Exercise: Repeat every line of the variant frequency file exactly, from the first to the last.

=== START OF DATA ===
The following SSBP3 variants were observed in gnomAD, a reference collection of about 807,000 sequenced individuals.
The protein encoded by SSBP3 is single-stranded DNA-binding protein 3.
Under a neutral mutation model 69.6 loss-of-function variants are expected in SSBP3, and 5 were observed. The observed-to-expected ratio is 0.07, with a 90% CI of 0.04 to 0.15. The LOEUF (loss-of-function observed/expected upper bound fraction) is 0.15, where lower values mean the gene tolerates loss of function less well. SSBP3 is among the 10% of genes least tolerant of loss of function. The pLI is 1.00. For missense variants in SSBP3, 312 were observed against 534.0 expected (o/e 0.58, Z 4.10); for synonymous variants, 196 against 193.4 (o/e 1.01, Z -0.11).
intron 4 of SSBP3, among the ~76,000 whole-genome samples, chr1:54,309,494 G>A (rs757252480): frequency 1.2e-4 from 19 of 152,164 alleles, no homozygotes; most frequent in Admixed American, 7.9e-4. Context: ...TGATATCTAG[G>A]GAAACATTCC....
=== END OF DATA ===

The following SSBP3 variants were observed in gnomAD, a reference collection of about 807,000 sequenced individuals.
The protein encoded by SSBP3 is single-stranded DNA-binding protein 3.
Under a neutral mutation model 69.6 loss-of-function variants are expected in SSBP3, and 5 were observed. The observed-to-expected ratio is 0.07, with a 90% CI of 0.04 to 0.15. The LOEUF (loss-of-function observed/expected upper bound fraction) is 0.15, where lower values mean the gene tolerates loss of function less well. SSBP3 is among the 10% of genes least tolerant of loss of function. The pLI is 1.00. For missense variants in SSBP3, 312 were observed against 534.0 expected (o/e 0.58, Z 4.10); for synonymous variants, 196 against 193.4 (o/e 1.01, Z -0.11).
intron 4 of SSBP3, among the ~76,000 whole-genome samples, chr1:54,309,494 G>A (rs757252480): frequency 1.2e-4 from 19 of 152,164 alleles, no homozygotes; most frequent in Admixed American, 7.9e-4. Context: ...TGATATCTAG[G>A]GAAACATTCC....